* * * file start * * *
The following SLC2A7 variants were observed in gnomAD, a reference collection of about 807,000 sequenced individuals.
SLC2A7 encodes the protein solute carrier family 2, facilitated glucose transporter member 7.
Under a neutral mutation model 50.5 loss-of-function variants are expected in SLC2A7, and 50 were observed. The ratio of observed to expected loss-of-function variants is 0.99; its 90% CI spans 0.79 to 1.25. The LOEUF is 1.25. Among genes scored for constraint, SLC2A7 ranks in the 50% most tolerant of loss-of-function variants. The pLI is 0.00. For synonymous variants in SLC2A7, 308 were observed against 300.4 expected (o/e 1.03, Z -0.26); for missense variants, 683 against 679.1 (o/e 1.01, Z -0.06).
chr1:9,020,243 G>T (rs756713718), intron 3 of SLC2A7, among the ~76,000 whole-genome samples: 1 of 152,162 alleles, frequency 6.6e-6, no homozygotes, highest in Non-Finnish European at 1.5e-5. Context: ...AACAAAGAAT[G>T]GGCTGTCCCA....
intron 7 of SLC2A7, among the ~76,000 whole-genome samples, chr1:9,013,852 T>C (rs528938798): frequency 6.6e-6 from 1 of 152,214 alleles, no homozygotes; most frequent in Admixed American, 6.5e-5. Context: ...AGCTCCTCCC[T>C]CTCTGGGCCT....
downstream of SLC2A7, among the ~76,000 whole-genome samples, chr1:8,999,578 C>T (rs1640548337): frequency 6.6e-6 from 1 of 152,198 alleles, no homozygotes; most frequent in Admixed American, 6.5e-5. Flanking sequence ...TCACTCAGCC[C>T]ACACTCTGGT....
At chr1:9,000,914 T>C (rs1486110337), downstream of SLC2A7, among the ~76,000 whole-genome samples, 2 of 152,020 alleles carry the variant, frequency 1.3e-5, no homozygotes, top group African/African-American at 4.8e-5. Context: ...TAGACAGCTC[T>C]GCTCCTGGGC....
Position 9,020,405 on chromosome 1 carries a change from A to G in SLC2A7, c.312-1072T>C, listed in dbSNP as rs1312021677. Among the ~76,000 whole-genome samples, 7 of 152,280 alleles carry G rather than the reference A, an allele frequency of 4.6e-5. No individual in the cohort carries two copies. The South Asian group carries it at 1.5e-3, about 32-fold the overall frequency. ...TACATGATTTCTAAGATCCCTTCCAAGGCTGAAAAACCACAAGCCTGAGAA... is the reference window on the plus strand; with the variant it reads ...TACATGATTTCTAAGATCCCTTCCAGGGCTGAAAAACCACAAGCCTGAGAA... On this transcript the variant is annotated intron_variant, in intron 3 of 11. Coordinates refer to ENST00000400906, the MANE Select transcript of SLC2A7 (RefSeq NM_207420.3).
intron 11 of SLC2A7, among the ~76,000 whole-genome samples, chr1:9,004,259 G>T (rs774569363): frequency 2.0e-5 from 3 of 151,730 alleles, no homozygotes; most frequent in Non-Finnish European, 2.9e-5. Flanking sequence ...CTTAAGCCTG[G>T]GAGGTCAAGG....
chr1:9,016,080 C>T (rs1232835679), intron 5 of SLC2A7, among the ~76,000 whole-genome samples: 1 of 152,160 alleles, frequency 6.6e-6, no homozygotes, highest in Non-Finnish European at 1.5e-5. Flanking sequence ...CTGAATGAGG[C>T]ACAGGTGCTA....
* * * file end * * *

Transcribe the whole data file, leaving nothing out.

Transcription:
The following SLC2A7 variants were observed in gnomAD, a reference collection of about 807,000 sequenced individuals.
SLC2A7 encodes the protein solute carrier family 2, facilitated glucose transporter member 7.
Under a neutral mutation model 50.5 loss-of-function variants are expected in SLC2A7, and 50 were observed. The ratio of observed to expected loss-of-function variants is 0.99; its 90% CI spans 0.79 to 1.25. The LOEUF is 1.25. Among genes scored for constraint, SLC2A7 ranks in the 50% most tolerant of loss-of-function variants. The pLI is 0.00. For synonymous variants in SLC2A7, 308 were observed against 300.4 expected (o/e 1.03, Z -0.26); for missense variants, 683 against 679.1 (o/e 1.01, Z -0.06).
chr1:9,020,243 G>T (rs756713718), intron 3 of SLC2A7, among the ~76,000 whole-genome samples: 1 of 152,162 alleles, frequency 6.6e-6, no homozygotes, highest in Non-Finnish European at 1.5e-5. Context: ...AACAAAGAAT[G>T]GGCTGTCCCA....
intron 7 of SLC2A7, among the ~76,000 whole-genome samples, chr1:9,013,852 T>C (rs528938798): frequency 6.6e-6 from 1 of 152,214 alleles, no homozygotes; most frequent in Admixed American, 6.5e-5. Context: ...AGCTCCTCCC[T>C]CTCTGGGCCT....
downstream of SLC2A7, among the ~76,000 whole-genome samples, chr1:8,999,578 C>T (rs1640548337): frequency 6.6e-6 from 1 of 152,198 alleles, no homozygotes; most frequent in Admixed American, 6.5e-5. Flanking sequence ...TCACTCAGCC[C>T]ACACTCTGGT....
At chr1:9,000,914 T>C (rs1486110337), downstream of SLC2A7, among the ~76,000 whole-genome samples, 2 of 152,020 alleles carry the variant, frequency 1.3e-5, no homozygotes, top group African/African-American at 4.8e-5. Context: ...TAGACAGCTC[T>C]GCTCCTGGGC....
Position 9,020,405 on chromosome 1 carries a change from A to G in SLC2A7, c.312-1072T>C, listed in dbSNP as rs1312021677. Among the ~76,000 whole-genome samples, 7 of 152,280 alleles carry G rather than the reference A, an allele frequency of 4.6e-5. No individual in the cohort carries two copies. The South Asian group carries it at 1.5e-3, about 32-fold the overall frequency. ...TACATGATTTCTAAGATCCCTTCCAAGGCTGAAAAACCACAAGCCTGAGAA... is the reference window on the plus strand; with the variant it reads ...TACATGATTTCTAAGATCCCTTCCAGGGCTGAAAAACCACAAGCCTGAGAA... On this transcript the variant is annotated intron_variant, in intron 3 of 11. Coordinates refer to ENST00000400906, the MANE Select transcript of SLC2A7 (RefSeq NM_207420.3).
intron 11 of SLC2A7, among the ~76,000 whole-genome samples, chr1:9,004,259 G>T (rs774569363): frequency 2.0e-5 from 3 of 151,730 alleles, no homozygotes; most frequent in Non-Finnish European, 2.9e-5. Flanking sequence ...CTTAAGCCTG[G>T]GAGGTCAAGG....
chr1:9,016,080 C>T (rs1232835679), intron 5 of SLC2A7, among the ~76,000 whole-genome samples: 1 of 152,160 alleles, frequency 6.6e-6, no homozygotes, highest in Non-Finnish European at 1.5e-5. Flanking sequence ...CTGAATGAGG[C>T]ACAGGTGCTA....